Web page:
Phoenix-based flight attendants at American Airlines have some of the highest sickness levels across the company and it’s an issue that has to be addressed if flight attendants are to have any hope of reclaiming premium international routes like London Heathrow, the crew union warned on Thursday.
Following the merger with US Airways, Phoenix Sky Harbor became a base for American Airlines but flight attendants have sometimes felt like they have been the easy target for cutbacks.
Last December, the base was forced to lose nearly 300 flight attendants who were displaced to other airports that have traditionally been more important hubs for the airline. The Association of Professional Flight Attendants (APFA) has warned that the high sickness rates are making it more difficult to fight for the return of those displaced flight attendants.
The issues at AA’s Phoenix base, like displaced flight attendants and high levels of reserve, aren’t just apparently affecting sickness levels though. It appears that customer service is also taking a beating from the changes.
“PHX has a long history of having some of the best Flight Attendants systemwide. Our customer service numbers were always ranked #1 or 2 in the system. Since the start of COVID and rotating Reserve, those rankings have slipped to the bottom systemwide,” the APFA local union noted in a recent memo.
“Like the mythical Phoenix bird, we know that PHX can rise from the ashes and once again reclaim our top ranking in customer service.”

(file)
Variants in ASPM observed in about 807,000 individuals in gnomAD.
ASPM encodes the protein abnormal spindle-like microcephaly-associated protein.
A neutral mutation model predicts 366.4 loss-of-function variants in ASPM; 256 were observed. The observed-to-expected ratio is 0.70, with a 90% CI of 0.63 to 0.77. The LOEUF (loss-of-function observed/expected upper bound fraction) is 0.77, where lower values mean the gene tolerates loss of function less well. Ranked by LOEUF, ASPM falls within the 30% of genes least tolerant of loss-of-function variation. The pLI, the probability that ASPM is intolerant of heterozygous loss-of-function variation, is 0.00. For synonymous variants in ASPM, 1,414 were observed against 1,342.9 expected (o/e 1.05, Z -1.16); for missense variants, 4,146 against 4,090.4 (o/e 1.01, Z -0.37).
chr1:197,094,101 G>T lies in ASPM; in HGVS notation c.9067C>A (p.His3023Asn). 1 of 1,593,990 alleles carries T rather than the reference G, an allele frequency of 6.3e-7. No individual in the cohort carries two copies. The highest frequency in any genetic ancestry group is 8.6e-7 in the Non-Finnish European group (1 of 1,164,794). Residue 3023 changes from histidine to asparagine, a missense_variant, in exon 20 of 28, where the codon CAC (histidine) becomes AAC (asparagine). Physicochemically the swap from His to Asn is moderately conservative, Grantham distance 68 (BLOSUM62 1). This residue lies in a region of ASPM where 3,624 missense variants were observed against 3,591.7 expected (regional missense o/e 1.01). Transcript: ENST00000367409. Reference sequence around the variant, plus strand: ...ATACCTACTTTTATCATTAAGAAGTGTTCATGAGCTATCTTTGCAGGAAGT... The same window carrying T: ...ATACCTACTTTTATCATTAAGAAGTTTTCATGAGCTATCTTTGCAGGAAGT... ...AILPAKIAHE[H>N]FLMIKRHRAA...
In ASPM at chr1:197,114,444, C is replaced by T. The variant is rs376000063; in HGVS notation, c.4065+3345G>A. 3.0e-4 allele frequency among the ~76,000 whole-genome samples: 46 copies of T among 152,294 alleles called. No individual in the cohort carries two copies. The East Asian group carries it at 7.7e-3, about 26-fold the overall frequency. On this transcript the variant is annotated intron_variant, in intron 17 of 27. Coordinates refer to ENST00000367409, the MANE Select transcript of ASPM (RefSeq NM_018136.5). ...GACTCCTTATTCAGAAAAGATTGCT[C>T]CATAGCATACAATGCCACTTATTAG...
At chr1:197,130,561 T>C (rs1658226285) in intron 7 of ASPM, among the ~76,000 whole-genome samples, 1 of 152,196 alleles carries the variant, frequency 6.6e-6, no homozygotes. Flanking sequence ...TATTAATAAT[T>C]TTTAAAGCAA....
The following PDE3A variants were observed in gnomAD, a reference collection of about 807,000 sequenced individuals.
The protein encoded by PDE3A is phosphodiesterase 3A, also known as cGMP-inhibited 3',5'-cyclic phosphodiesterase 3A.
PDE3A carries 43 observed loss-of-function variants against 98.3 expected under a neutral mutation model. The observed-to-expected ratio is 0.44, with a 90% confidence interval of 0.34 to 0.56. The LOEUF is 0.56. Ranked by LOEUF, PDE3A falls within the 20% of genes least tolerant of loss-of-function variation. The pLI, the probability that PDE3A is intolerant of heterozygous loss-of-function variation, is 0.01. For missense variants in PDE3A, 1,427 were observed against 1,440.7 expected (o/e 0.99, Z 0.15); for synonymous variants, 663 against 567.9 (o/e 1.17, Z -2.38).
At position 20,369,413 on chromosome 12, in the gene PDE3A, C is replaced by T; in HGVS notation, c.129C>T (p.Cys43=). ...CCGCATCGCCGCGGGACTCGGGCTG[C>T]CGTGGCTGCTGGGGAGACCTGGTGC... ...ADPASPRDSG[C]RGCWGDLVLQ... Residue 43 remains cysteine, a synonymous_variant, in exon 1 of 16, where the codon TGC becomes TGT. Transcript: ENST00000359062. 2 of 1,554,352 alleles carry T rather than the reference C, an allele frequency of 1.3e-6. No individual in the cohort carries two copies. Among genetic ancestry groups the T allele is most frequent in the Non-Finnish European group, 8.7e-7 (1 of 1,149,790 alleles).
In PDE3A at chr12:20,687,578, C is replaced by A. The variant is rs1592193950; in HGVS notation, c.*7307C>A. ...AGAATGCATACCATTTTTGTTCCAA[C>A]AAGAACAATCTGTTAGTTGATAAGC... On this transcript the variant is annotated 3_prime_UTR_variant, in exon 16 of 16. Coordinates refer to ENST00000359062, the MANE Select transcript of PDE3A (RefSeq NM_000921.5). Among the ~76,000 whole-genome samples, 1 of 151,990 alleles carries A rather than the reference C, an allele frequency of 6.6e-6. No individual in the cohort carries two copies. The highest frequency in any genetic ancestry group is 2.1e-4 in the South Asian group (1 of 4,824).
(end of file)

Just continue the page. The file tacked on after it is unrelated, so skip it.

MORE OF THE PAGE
Flight attendants are being urged to step up their game and hopefully attract the attention of incoming chief executive Robert Isom who will take over from Doug Parker in March 2022.
The process of downsizing the Phoenix base started in 2019 when AA announced plans to cut about a third of flight attendants. After 18-months, the flight attendant overage was still assessed to be around 284 and the most junior aircrew were involuntarily moved to other bases.
Despite downsizing the base, AA has found itself struggling with staffing shortages in Phoenix which has heaped further pressure on flight attendants working out of Phoenix.
Mateusz Maszczynski honed his skills as an international flight attendant at the most prominent airline in the Middle East and has been flying throughout the COVID-19 pandemic for a well-known European airline. Matt is passionate about the aviation industry and has become an expert in passenger experience and human-centric stories. Always keeping an ear close to the ground, Matt's industry insights, analysis and news coverage is frequently relied upon by some of the biggest names in journalism.